Here we speak with lifetime Detroit resident, Rashad Jackson, of SPC Monkey Productions.
Detroitisit: How did you see Detroit growing up?
Rashad Jackson: Growing up I always saw Detroit portrayed in a negative light.
The only way to hear about cool or positive things going on was to be in the know. You had to know all the cool people. All the artists. The people that were making things happen. Other than that, it was just blanks— shut down neighborhoods and schools. Even our TV content looked awful to me. Anything from a news story to a car commercial to a festival going on in Detroit, the video looked terrible. That’s part of the reason my friends and I started SPC Monkeys. We wanted to help with that problem. We wanted to uplift the way people see Detroit.
DII: How has the perception changed?
RJ: Detroit has changed a lot. Mostly because of all the construction that’s happened over the past seven years. Thanks to Dan Gilbert, and his team, Detroit looks a lot better. I don’t like some of the little things—some of the construction changes—but overall it looks a lot better. A lot brighter.
I would like to be a part of the change more.
History is happening right now. I’ve watched parking lots close and become buildings. I’ve watched store locations leave that had been around for 20+ years. They’re gone now and have turned into yoga or smoothie places. It’s been interesting.
DII: Speaking of history—if you could make one change, what would it be?
RJ: I would love to see more interesting things to do in the city. When I was growing up I would hear my parents talking about how much fun they had in Downtown Detroit as teenagers. They had the Hudson Mall. They had the Princess River Boat. And the Amusement Park on Boblo Island. I would like to see things like that come back. More activities other than places to spend money. I love the new restaurants, gyms—and even the coffee places popping up. I love it all, but people need a place to park. If Detroit could fix that, it’d be awesome.
DII: If you weren’t in Detroit, where would you be?
RJ: Oh! I don’t know! I’ve thought about that quite a few times . . . California, maybe. It’s warm and there’s a lot of production work.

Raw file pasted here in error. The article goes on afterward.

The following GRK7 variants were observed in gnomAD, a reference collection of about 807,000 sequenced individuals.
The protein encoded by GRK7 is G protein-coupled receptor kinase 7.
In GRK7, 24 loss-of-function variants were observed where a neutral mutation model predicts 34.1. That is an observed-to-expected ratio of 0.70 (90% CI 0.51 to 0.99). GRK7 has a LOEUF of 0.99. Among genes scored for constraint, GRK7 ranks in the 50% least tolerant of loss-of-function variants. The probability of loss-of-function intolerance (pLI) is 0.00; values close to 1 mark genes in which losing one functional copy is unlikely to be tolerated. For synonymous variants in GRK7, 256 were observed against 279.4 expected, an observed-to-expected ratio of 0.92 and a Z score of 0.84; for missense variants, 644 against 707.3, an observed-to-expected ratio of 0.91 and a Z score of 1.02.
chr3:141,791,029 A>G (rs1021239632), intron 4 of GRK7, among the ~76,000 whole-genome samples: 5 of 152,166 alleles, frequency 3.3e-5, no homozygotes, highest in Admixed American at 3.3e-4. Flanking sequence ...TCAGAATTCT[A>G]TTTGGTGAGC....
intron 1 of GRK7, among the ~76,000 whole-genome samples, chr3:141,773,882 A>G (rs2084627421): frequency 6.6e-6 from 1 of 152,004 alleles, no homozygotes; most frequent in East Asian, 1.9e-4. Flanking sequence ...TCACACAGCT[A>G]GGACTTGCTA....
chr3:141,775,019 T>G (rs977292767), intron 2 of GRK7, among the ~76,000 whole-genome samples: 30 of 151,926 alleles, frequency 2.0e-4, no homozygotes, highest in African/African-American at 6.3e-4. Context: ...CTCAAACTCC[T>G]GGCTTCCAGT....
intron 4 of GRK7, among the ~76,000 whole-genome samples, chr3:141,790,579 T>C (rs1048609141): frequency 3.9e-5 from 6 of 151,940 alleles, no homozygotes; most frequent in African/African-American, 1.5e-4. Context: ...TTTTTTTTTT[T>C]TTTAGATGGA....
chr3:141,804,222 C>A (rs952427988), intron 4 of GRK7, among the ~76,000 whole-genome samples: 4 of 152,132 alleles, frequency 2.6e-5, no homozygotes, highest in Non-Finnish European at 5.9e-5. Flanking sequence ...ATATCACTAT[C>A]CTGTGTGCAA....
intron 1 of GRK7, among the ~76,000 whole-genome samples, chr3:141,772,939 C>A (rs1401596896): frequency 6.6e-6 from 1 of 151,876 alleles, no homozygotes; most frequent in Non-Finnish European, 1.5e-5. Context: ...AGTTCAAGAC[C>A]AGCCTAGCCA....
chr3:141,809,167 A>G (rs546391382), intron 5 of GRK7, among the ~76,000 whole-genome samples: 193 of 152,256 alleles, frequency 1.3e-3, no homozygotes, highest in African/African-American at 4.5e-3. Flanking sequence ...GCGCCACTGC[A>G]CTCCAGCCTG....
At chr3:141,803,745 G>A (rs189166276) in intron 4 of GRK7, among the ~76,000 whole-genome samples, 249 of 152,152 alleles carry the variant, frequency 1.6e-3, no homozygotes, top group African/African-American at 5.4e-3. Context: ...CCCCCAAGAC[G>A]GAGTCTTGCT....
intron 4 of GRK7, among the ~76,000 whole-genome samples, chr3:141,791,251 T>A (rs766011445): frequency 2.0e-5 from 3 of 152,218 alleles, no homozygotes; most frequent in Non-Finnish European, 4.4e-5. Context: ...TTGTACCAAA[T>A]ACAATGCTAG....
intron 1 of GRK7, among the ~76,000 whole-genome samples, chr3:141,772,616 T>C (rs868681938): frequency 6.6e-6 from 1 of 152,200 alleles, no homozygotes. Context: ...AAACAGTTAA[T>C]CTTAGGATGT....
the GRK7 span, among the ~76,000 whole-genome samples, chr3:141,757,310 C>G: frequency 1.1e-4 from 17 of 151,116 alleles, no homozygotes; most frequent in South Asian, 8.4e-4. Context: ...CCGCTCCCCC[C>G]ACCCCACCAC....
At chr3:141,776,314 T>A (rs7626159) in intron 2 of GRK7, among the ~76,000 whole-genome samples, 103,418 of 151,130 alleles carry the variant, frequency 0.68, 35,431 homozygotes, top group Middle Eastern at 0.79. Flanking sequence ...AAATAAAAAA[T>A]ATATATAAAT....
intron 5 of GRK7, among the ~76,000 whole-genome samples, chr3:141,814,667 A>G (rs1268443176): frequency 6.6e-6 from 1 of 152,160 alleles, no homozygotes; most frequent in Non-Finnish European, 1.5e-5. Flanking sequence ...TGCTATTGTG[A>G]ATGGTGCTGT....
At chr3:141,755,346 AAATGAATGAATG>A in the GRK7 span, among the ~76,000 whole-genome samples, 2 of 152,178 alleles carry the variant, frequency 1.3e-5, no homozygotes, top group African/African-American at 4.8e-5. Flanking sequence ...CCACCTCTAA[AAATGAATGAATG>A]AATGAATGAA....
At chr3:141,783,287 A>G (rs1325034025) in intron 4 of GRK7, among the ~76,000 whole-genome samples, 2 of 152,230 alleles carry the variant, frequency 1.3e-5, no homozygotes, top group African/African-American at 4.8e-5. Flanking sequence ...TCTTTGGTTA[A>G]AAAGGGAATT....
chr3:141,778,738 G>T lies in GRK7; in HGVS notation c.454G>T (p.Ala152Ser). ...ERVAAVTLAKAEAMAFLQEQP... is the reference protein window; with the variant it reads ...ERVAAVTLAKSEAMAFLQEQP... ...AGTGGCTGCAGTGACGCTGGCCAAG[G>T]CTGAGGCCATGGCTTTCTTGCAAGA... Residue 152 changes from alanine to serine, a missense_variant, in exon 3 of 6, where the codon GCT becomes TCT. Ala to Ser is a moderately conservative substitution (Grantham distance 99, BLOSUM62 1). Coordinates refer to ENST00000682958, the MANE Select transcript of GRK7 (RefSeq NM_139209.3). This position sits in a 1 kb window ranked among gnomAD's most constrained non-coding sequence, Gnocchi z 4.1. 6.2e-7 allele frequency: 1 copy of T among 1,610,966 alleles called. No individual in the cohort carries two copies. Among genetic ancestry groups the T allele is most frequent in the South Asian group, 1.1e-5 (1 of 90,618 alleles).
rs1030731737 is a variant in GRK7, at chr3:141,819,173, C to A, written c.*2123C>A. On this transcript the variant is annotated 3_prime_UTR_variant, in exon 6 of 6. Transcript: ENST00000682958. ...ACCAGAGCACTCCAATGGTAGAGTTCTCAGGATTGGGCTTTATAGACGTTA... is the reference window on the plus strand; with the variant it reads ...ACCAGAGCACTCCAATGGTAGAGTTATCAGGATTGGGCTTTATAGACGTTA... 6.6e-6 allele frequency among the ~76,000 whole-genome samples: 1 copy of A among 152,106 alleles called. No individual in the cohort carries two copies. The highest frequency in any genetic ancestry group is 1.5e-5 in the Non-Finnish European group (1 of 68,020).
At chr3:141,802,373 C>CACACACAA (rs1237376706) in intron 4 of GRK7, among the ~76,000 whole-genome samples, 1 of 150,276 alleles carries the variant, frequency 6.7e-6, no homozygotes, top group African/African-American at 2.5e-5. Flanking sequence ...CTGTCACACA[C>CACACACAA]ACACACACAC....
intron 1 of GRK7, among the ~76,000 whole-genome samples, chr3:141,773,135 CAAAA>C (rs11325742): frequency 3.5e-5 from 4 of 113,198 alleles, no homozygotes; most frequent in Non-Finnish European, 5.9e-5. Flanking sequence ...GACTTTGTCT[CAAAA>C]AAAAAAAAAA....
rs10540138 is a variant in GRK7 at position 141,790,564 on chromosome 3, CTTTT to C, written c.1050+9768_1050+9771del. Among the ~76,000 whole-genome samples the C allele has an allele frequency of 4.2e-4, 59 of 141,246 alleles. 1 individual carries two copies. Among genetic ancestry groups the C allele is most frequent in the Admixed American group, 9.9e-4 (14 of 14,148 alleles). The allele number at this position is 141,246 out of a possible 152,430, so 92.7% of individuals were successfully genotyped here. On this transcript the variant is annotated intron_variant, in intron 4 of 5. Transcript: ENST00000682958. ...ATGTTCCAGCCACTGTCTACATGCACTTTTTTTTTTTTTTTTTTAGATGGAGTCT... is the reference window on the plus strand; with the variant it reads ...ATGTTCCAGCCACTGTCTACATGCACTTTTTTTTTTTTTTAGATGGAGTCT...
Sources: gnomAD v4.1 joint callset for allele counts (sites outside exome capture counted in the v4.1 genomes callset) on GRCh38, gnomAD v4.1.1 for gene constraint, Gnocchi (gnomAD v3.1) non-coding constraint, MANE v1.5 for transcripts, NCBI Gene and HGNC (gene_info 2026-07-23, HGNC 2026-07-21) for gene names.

DII: Let’s talk business. Tell us about yours.
RJ: SPC Monkey Productions is a video production company. Our services range from event coverage to larger budget projects like automotive commercials and short film. We try to be friendly with the budget. We filed at the end of 2013. It’s still a new adventure. New challenge. Looking back, my younger self was insane. We started the company with no money—my partner says with “Negative money.”
DII: Why do what you do?
RJ: Poor content is part of the why. The other part: My partners and I all went to Specs Howard. Then we all moved to NYC and began working. Weeks turned into months, and we took any gig we could find. We found out it was pretty easy to do video production. It’s not rocket science to operate a camera or set up lights or choose the right lens. When we came back to Detroit, we thought all the TV looked pretty bad. What if we brought everything we learned in New York here to Detroit? And we were having a hard time finding work. Getting hired to do something lucrative wasn’t easy. Especially as minorities in the industry. Often we show up to a gig and are the only black people on set.
DII: Why is that?
RJ: There aren’t a lot of black people that do this type of work. People don’t know what it consists of or where to get that type of skill.
DII: What’s been your greatest professional struggle?
RJ: Dealing with clients. We had no experience making a proposal, sending a proper email, pitching a sale.
DII: Your greatest professional accomplishment?
RJ: I can’t say one accomplishment is greater than another—because every single win, even a small win, is one we’ve worked hard for.
There’s a production company in California called Revolt TV, and they’ve hired us a few times over the year. The last time they hired us was for a Flint Water Crisis event. And that’s when Stevie Wonder, Janelle Monåe, Dave Chappelle, and 20 other bigtime celebrities all came to Flint and put on a show to raise awareness for Flint’s water crisis. SPC Monkey covered all video that day. It felt good to be the exclusive video company among people I look up to like Stevie Wonder and Janelle Monåe.
DII: If you had to do something else?
RJ: Probably a chef.
DII: You’re inviting one Detroiter to dinner. Dead or alive. Who is it?
RJ: Roy Roberts. He’s a big time Detroiter. One of the most successful people I can think of. His influence in Detroit goes back decades. Acquaintances know him as great. Anybody who knows him is great. I strive to be one of those people.